Restricted access

Haley S. Moore, Samuel R. Walton, Morgan R. Eckenrod, and Melissa K. Kossman

Clinical Scenario: Injuries cause individuals varying amounts of time loss from participation, which may depend on injury and sport-specific factors such as level of participation. Athletes who never return to sport either choose or are forced to retire due to numerous factors. At elite levels of play, when an athlete chooses retirement, they have the opportunity to create and execute a retirement plan; however, if unexpected (eg, due to career-ending injury), athletes may struggle to transition out of sport effectively, impacting physical, mental, and social health. The biopsychosocial model looks at the relationship between biology, psychology, and socio-environmental factors. Therefore, the purpose of this study was to better understand the biopsychosocial experiences elite athletes face after a career-ending injury so that sport stakeholders can develop and implement strategies to support a healthy transition. Clinical Question: How does suffering a career-ending injury affect elite athletes’ biopsychosocial experiences during retirement from sport? Summary of Key Findings: All studies found that a career-ending injury negatively impacted athlete’s biopsychosocial health during the transition period. In addition, social support was identified as a positive coping mechanism and research highlighted the role of education in promoting successful transitions. Sport stakeholders should educate athletes regarding the importance of creating secondary plans. By creating a culture of athletic and nonathletic identity, athletes can feel empowered to navigate different phases of their life despite transition being forced upon them due to injury. Clinical Bottom Line: Career-ending injuries negatively impact the biopsychosocial experiences of elite athletes as they transition out of sport. Athletes may face many transitional challenges including a loss of identity, a lack of external support, and/or mental health decline; those more closely identifying with their role as an athlete tend to have a harder transition. Therefore, it is important for all athletes to be adequately prepared for sport retirement, especially given the uncertainty about when and how retirement may occur. Strength of Recommendation: Collectively, the body of evidence included to answer the clinical question aligns with the strength of recommendation of C.

Restricted access

Julia Spellman, Rachel Eldredge, Melissa Nelson, Jennifer Ostrowski, and Jennifer Concannon

Clinical Scenario: There are a variety of therapeutic modalities used to treat flexibility issues in athletes, which can be the main cause of hamstring injuries. Myofascial decompression is one modality used to treat these patients. Focused Clinical Question: Is myofascial decompression effective at increasing hamstring flexibility in the athletic population? Summary of Search, “Best Evidence” Appraised, and Key Findings: The literature was searched for studies of level 2 evidence or higher that investigated the use of myofascial decompression to increase hamstring flexibility, that were published in the last 5 years. Two high-quality randomized controlled trials were included and one cohort study. Clinical Bottom Line: There is not enough consistent, clinically significant, high-level evidence to support the use of myofascial decompression to increase hamstring flexibility. Strength of Recommendation: There is level B evidence to support that myofascial decompression is effective at increasing hamstring flexibility.

Restricted access

Jeffrey B. Taylor, Anh-Dung Nguyen, Audrey E. Westbrook, Abigail Trzeciak, and Kevin R. Ford

Context: Women’s volleyball requires frequent and repetitive jumping that when performed with altered biomechanics, including kinematic or kinetic asymmetry, may place the athlete at high risk for injury. This study identified and analyzed lower-extremity biomechanical asymmetries in college women’s volleyball players during standard and sport-specific double-leg landing tasks. Design: Cross-sectional laboratory study. Methods: Eighteen female college volleyball players were analyzed using standard 3D motion capture techniques during a drop vertical jump and an unanticipated lateral reactive jump task. Repeated-measures multivariate analysis of variance identified asymmetries in kinematic and kinetic variables of each task. Results: Average symmetry indices ranged from 9.3% to 31.3% during the drop vertical jump and 11.9% to 25.6% during the reactive jump task. During the drop vertical jump, the dominant limb exhibited lower knee abduction moments (P = .03), ankle dorsiflexion moments (P = .02), ankle eversion moments (P = .003) and vertical ground reaction forces (P = .03), and greater ankle inversion moments (P = .001). Both kinematic (λ = 0.27, P = .03) and kinetic (λ = 0.12, P = .008) asymmetries were identified during the reactive jump task. The dominant limb exhibited greater peak knee flexion (P = .003) and ankle dorsiflexion (P = .02) angles, and greater ankle dorsiflexion (P = .005) and inversion (P = .03) moments than the nondominant limb. Conclusions: These asymmetries observed during double-leg landing tasks may predispose volleyball athletes to unilaterally higher ground reaction or muscle forces and ultimately a greater risk of injury during landing.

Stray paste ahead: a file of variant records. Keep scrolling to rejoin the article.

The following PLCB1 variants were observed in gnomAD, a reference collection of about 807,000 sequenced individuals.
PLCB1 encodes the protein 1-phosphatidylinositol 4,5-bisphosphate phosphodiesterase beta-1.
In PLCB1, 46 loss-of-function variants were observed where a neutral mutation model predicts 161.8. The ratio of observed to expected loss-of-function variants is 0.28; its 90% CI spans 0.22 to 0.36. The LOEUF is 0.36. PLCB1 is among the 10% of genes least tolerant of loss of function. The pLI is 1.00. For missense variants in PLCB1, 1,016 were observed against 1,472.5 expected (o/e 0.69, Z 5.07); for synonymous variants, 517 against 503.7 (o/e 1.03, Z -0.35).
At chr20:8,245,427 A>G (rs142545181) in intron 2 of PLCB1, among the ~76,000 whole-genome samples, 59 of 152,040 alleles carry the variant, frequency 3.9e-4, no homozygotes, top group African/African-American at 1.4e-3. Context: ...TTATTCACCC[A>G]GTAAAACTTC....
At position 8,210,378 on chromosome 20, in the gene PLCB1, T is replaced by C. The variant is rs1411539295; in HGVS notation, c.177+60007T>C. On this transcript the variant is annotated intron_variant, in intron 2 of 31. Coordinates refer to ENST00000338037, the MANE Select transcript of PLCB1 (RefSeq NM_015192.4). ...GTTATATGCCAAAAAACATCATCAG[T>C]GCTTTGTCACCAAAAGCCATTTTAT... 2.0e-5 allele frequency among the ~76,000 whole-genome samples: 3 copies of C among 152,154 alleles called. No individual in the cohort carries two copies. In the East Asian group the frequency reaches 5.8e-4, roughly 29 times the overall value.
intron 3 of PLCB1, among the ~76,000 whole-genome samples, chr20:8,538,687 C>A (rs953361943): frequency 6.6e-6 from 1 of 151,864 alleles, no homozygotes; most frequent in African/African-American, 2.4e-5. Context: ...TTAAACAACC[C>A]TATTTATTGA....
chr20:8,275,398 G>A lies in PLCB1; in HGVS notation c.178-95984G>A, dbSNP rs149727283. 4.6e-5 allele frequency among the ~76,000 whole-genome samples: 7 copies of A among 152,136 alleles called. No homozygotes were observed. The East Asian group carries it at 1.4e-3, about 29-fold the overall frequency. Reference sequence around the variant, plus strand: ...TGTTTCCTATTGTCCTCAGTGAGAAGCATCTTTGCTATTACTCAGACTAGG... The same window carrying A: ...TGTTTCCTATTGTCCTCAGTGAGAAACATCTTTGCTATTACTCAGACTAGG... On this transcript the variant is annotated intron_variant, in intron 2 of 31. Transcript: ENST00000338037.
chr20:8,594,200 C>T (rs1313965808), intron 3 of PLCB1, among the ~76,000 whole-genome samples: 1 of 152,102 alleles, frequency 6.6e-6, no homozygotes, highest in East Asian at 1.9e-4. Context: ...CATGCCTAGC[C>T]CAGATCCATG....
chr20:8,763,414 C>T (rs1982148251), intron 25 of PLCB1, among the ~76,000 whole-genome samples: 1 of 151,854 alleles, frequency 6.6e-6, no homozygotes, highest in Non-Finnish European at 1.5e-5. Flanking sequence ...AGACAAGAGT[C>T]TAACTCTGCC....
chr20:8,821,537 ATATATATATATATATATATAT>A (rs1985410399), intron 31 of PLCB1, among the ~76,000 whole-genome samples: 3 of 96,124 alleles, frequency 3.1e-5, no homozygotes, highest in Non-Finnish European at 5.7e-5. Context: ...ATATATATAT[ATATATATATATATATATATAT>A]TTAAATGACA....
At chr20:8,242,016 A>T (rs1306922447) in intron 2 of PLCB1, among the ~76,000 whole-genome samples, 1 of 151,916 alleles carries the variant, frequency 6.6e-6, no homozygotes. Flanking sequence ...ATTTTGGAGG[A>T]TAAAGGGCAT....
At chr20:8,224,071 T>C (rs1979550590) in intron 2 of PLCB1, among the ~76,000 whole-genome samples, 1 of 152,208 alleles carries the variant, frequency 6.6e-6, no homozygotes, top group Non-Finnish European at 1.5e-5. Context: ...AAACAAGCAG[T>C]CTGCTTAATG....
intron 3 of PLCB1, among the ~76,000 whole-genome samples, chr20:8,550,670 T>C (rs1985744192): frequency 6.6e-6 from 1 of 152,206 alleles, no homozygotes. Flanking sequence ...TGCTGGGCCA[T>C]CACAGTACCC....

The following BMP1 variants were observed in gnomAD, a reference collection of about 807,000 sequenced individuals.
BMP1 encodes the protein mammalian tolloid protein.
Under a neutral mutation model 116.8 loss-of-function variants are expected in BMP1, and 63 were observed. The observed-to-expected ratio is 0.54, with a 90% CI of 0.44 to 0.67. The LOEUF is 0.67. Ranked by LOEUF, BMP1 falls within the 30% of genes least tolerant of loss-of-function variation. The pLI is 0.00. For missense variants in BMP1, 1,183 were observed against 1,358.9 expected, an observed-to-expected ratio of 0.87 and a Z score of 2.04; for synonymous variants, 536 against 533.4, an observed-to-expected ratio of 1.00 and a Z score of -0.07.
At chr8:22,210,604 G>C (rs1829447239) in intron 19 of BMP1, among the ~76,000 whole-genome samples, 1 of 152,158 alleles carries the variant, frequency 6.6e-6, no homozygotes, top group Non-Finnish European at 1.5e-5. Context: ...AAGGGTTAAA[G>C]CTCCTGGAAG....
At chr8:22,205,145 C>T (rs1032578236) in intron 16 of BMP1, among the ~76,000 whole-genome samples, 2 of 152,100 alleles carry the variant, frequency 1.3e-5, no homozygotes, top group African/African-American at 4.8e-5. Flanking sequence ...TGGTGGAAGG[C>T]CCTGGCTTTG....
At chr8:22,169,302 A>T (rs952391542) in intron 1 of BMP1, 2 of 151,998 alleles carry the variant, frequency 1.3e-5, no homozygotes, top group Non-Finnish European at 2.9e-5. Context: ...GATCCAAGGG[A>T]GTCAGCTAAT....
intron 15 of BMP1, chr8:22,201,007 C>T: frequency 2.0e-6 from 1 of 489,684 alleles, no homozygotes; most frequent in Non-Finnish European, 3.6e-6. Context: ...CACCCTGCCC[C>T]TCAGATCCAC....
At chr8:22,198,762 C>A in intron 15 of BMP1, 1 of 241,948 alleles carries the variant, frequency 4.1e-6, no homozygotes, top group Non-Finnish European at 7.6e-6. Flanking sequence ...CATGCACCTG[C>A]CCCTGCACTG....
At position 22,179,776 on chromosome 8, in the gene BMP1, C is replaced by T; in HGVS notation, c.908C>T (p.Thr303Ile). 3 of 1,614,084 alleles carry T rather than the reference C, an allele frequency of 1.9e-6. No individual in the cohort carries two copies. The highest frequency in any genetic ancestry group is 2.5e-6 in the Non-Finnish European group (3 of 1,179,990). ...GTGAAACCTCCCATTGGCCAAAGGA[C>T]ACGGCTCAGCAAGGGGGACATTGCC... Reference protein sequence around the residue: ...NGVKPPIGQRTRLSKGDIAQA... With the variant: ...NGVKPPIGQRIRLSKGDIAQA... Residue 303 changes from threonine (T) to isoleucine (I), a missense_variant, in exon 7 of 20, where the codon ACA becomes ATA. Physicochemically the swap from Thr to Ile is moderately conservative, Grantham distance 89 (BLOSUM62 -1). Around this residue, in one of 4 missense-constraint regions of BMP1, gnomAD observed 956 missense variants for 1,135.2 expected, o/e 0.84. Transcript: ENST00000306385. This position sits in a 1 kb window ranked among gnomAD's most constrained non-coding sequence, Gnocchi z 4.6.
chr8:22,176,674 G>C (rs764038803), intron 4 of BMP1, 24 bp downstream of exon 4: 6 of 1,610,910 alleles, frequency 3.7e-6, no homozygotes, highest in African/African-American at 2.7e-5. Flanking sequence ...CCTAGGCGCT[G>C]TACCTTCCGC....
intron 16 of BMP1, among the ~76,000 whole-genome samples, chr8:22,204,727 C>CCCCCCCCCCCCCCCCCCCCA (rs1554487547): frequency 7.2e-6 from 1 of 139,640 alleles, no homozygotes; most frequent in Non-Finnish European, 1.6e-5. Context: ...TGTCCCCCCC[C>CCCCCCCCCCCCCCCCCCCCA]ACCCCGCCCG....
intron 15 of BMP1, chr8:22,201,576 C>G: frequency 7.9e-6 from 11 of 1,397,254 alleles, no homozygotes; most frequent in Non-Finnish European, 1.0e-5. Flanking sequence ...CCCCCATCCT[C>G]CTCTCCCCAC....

Restricted access

Samuel L. Konrath and Dale R. Wagner

Despite implementation in 1997, published research detailing the administration of the National Collegiate Athletic Association’s minimum weight certification program is lacking. This survey aimed to determine how athletic trainers administer this program. Thirty-five of 77 (45.5% response rate) athletic trainers for National Collegiate Athletic Association Division I wrestling programs responded. Most (74.3%) had ≥5 years of experience measuring body composition, and nearly all (97.1%) used skinfold calipers. Caliper type varied, but everyone used the same measurement sites and procedure to estimate minimal weight. There appears to be consistency in the administration of minimal wrestling weight standards across National Collegiate Athletic Association Division I programs.

Restricted access

Courtney Gray

The Alvarado score is used in emergency rooms to determine probability of appendicitis and provide a recommendation for care. A women’s soccer player presented to the athletic training clinic with right lower quadrant pain. She was evaluated and due to a differential diagnosis of appendicitis, the Alvarado score was used for screening. Based on her score, she was referred to the emergency room and, after diagnostic testing, was found to have a ruptured ovarian cyst. The Alvarado score was helpful in determining the need for referral when used in the clinical setting.